Distinct Postsurgical Management in Young and Elderly Breast Cancer Patients Results in Equal Survival Rates


Background: Although breast cancer (BC) is one of the most common malignant diseases in women, themajority of the studies describing the characteristics of BC in elderly patients have been limited to survivalassessments or tumor features, without using younger BC patients as a reference group. The aim of our studywas to describe and compare tumor characteristics and management patterns in elderly versus younger breastcancer patients in Turkey. Materials and
Methods: We retrospectively analyzed 152 patients with invasive breastcancer who underwent surgery in our institution between 2002 and 2012. Patients were divided into 2 groupsaccording to age at the time of diagnosis.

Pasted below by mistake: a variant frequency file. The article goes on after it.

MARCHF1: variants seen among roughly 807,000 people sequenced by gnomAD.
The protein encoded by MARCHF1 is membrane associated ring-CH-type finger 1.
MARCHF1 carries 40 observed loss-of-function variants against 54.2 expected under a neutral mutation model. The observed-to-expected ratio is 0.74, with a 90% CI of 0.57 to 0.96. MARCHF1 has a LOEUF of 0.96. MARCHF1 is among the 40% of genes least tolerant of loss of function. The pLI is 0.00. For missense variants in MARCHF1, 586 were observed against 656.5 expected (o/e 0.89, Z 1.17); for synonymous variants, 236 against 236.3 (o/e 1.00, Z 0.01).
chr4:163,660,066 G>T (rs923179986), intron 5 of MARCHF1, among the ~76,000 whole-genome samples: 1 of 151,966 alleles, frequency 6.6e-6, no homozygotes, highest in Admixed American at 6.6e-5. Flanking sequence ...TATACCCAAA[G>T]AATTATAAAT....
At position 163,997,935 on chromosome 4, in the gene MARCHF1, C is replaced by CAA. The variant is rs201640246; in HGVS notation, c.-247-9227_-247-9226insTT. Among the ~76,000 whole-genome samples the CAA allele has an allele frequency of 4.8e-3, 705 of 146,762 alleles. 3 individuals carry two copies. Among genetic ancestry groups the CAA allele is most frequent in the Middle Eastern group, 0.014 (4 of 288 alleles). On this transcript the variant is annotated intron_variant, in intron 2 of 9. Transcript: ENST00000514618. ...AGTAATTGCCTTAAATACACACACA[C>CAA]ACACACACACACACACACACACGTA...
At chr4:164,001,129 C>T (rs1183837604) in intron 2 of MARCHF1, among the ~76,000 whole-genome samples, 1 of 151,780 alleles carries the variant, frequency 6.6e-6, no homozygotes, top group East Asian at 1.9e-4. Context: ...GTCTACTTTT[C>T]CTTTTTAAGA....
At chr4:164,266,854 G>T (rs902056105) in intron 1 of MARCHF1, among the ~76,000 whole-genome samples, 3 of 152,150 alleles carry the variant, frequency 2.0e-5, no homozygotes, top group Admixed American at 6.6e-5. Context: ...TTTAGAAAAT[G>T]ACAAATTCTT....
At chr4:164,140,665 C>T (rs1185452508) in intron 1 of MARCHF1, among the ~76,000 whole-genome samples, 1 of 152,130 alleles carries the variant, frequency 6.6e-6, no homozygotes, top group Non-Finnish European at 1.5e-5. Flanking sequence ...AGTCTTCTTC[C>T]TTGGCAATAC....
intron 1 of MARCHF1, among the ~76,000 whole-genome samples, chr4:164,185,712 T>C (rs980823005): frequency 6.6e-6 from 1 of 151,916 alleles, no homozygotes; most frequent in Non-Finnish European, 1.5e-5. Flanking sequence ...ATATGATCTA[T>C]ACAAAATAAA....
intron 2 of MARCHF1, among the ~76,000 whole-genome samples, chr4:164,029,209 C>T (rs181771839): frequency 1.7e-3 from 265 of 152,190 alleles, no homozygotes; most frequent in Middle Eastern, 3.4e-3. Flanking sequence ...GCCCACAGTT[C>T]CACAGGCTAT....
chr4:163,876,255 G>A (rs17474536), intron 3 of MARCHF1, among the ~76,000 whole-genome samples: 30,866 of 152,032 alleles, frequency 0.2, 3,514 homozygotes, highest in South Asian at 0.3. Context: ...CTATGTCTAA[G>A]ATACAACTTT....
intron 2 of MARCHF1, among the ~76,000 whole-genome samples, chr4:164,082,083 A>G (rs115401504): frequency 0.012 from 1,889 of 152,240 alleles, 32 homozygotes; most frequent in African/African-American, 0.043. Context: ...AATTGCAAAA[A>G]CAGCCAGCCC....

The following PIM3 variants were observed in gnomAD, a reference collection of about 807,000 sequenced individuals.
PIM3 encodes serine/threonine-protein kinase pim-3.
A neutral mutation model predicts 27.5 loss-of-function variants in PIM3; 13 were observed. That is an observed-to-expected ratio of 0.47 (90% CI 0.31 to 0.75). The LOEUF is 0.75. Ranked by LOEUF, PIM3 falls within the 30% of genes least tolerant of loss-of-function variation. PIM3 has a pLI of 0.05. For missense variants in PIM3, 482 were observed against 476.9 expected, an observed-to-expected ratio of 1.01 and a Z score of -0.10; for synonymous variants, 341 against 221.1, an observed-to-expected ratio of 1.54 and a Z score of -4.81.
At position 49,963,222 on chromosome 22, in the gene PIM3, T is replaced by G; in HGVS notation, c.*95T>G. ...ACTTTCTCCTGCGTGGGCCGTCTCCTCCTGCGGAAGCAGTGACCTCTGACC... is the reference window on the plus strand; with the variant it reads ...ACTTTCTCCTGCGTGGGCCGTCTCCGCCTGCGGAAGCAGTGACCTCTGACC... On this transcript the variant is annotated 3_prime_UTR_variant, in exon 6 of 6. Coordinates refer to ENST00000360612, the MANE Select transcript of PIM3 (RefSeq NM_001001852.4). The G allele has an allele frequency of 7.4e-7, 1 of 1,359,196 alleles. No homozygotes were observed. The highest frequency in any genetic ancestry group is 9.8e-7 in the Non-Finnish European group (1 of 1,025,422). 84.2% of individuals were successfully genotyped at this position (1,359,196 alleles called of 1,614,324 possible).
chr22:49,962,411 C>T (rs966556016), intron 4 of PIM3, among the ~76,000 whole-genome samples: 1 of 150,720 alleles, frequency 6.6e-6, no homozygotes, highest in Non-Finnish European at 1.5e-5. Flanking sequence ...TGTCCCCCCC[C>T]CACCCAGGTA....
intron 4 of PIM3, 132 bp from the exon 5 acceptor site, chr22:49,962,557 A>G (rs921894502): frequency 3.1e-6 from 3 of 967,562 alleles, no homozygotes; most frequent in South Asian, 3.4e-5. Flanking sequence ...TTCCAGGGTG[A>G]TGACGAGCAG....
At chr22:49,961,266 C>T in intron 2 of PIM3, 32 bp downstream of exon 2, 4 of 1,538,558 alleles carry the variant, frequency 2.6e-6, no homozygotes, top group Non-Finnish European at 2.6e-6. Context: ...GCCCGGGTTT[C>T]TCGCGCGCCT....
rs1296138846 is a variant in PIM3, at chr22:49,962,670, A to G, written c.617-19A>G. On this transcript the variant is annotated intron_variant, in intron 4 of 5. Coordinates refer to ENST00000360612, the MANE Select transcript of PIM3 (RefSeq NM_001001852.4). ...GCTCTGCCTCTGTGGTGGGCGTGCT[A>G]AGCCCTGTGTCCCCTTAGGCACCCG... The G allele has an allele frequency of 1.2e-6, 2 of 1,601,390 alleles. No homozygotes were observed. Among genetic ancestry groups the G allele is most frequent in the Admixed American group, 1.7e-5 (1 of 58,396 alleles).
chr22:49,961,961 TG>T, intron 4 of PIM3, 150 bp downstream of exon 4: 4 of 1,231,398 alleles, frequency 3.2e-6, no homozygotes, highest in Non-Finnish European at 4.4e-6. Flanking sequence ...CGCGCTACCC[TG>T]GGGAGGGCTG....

Results: There were 62 patients in the elderly group (≥65 years) and90 patients in the younger group (<65 years). Compared to the younger group, tumors in the elderly group weremore likely to be larger (p=0.018), of lower grade (p=0.005), and hormone receptor-positive (p>0.001). Therewere no significant differences regarding histology, localization, lymph node involvement, or types of surgicalprocedures between the 2 groups. Comorbidities were more common in elderly patients (p<0.001). In addition,elderly patients were more likely to receive hormonal therapy (p<0.001) and less likely to receive radiotherapy(p=0.08) and chemotherapy (p=0.003). There was no difference in survival and locoregional recurrence ratesbetween the groups.
Conclusions: The results of this study demonstrate that breast cancer in elderly patientshas more favorable tumor features, warranting less aggressive treatment regimens after surgery.